I mean this is smoky. Rich, dark, mahogany and exotic wood smoke but with a sour, tangy, almost creosote nature to it. Really one of the fullest and most pungent tobacco blends I’ve smelled this side of Samuel Gawith Black XX, though that comparison is apples-to-oranges (the Gawith is a straight Virginia that’s been heat treated by some variety of barbecue satan). The Barling also has pine and grassy aromas on hand for deep inhalers, with a sharp, slightly grain-alcohol finish. There’s heavy doses of the “campfire” quality people appreciate in full English blends. And “full” is the correct word here.
The tangy, complex, musty transparencies in the aroma allow you to believe the claims of Syrian blending, though the thick, billowing campfire smoke removes any ambiguity regarding the included Cyprian.
This tobacco is perfectly dry right from the tin. The dark fired Kentucky and Latakias dominate the rich, earthy landscape, with tanned broad-cut Virginas punctuating the fertile looking mixture. Dry ribbons ensnare the wider cuts and are a tactile pleasure to pull apart, like slowly tearing a thick sheet of paper.
I cannot resist taking one more deep inhale of the tin before reclining on the sofa with a well-packed bowl.
Lighting up and at once there is a heavy smokiness on the tongue and in the air. A mild sweet flavor and a warm spice begin but are quickly rounded off by smoke, perhaps indicating the Cyprian Latakia has shown up first. This Barling blend tastes full bodied thanks to all the dark leaf, and there is the promise of a nicotine-engendered swoon ahead. Peat and tang come out with the first retrohale, like an Islay malt Scotch. This earthy spice stays cool on the tongue and throat.
The room is filled with a creamy, dark, spice and tobacco aroma.
Near mid-bowl there’s the sappy pine flavor the tin note was hinting at, and a tangy sourness develops on the tip of the tongue. It’s almost a citrus flavor, but it remains inconspicuous beneath a musty ceiling. Maybe the Syrian has arrived fashionably late. Soft minerality attends the back of the throat, bringing iron, copper, and sparkling water.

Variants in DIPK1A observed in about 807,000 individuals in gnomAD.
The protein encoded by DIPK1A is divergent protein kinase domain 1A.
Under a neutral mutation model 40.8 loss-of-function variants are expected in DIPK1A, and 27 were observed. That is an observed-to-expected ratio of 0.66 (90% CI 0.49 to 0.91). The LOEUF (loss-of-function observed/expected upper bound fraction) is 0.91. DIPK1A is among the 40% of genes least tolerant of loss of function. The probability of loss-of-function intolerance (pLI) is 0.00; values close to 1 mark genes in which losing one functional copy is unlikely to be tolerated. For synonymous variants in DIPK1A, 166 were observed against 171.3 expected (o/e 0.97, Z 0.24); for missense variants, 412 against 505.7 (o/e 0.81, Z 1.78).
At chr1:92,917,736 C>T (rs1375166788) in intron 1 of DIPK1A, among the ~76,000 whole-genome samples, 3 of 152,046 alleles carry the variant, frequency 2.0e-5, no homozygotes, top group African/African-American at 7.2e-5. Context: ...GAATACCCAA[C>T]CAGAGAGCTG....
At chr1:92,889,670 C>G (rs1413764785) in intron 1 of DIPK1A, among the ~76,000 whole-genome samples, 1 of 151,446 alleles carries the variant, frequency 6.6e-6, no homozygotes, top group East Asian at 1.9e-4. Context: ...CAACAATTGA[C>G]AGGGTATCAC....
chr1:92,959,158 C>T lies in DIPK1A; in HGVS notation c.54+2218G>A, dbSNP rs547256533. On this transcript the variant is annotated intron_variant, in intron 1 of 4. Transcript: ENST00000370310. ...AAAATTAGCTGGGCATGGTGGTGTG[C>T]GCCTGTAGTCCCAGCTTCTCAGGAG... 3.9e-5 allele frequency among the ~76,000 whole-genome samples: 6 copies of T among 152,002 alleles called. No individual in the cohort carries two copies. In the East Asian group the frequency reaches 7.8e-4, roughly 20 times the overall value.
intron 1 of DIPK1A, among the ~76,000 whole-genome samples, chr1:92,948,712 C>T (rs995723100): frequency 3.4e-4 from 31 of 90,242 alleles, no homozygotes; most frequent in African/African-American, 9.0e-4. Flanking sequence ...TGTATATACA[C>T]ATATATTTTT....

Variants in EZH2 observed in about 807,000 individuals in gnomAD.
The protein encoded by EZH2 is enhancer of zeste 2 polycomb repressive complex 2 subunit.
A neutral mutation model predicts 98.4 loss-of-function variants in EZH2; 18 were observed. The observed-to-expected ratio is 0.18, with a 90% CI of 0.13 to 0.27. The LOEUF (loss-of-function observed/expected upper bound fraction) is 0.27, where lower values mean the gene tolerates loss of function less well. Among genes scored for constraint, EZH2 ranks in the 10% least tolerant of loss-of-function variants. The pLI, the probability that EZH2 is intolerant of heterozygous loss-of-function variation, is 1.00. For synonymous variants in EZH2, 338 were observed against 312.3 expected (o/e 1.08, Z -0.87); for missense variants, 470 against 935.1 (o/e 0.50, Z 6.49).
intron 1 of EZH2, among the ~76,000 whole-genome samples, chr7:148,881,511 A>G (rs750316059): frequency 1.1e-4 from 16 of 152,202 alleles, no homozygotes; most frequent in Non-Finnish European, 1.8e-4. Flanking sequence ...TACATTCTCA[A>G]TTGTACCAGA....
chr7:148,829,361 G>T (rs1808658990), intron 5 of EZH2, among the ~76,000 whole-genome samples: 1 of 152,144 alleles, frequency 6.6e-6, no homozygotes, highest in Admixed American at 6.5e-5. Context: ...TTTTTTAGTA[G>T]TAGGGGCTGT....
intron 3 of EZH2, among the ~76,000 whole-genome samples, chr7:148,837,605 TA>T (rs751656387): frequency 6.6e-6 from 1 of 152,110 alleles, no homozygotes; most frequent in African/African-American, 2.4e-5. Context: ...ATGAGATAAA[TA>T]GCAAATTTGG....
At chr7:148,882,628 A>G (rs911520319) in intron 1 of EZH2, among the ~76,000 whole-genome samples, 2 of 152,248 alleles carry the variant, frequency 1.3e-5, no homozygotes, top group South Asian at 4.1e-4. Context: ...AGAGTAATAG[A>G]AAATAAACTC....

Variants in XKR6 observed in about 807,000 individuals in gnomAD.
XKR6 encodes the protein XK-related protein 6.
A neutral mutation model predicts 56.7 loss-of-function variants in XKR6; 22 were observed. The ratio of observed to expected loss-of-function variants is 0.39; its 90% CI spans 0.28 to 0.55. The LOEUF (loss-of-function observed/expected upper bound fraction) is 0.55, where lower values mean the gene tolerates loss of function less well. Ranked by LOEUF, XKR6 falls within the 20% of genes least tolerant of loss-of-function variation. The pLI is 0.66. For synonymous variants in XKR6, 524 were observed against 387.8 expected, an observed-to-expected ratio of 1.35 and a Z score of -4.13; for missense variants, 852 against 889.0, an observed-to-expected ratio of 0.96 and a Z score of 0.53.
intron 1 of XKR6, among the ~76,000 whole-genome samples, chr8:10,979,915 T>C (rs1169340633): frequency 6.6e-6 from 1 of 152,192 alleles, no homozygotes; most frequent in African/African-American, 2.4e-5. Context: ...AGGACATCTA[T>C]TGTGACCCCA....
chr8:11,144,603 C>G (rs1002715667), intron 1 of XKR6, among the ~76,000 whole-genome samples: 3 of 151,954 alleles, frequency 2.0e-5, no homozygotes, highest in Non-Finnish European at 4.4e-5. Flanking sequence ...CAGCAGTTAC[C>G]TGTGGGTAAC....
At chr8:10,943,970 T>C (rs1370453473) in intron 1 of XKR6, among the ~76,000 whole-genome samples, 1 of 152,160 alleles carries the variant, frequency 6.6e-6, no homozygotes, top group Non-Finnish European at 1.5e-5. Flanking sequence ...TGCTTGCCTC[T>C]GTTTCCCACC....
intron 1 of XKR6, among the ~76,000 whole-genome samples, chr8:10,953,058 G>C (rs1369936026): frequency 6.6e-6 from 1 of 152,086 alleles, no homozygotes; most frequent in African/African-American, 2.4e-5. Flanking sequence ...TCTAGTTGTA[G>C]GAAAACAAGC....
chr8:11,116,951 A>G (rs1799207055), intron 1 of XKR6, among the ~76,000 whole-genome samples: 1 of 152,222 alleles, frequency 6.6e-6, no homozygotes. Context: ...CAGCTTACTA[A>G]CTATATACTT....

In the second half the Kentucky and Latakia continue their domination over the Virginia leaf, however a noticeable sweetness does emerge. It is helped along by a creamy mouthfeel, but nevertheless remains engulfed, well-beneath the smoky campfire of Cyprian. The sourness mellows out, though it never leaves. The musty transparency becomes more opaque, and things stay round and calm and cozy from here.
So is there any of the Syrian left in this blend? I couldn’t tell you, if I’m honest. When comparing Barling 1812 Tradition to the HH Vintage Syrian (which, from my research, is almost certainly still using a large proportion of Syrian), there remain the complications of Cyprian Latakia and heavier dark-fired Kentucky usage in the English-style Barling, with orientals complicating the Balkan-style Mac Baren blend. To say nothing of the ages of the particular tobaccos in my collection. The contrast is great and they are, of course, very different experiences. Let it suffice to say there are plenty of indications, to my taste, that there is a noticeable proportion of Syrian Latakia in the Barling. But it is difficult to opine what those proportions are.
As G.L. Pease describes:
“If Cyprian Latakia can be compared to a fine Vintage Port, Syrian could be likened to a dry Fino Sherry.” 
If he’s to be believed…well…yeah I still have no idea.
I will say, that Barling 1812 Tradition Full is my favorite English blend and — dare I go farther — my favorite Latakia blend in my collection. Yes, I like it better than Vintage Syrian. Yes I like it better than Nightcap. Yes I like it better than Bayou Night and Plantation Evening.
Right now, anyway.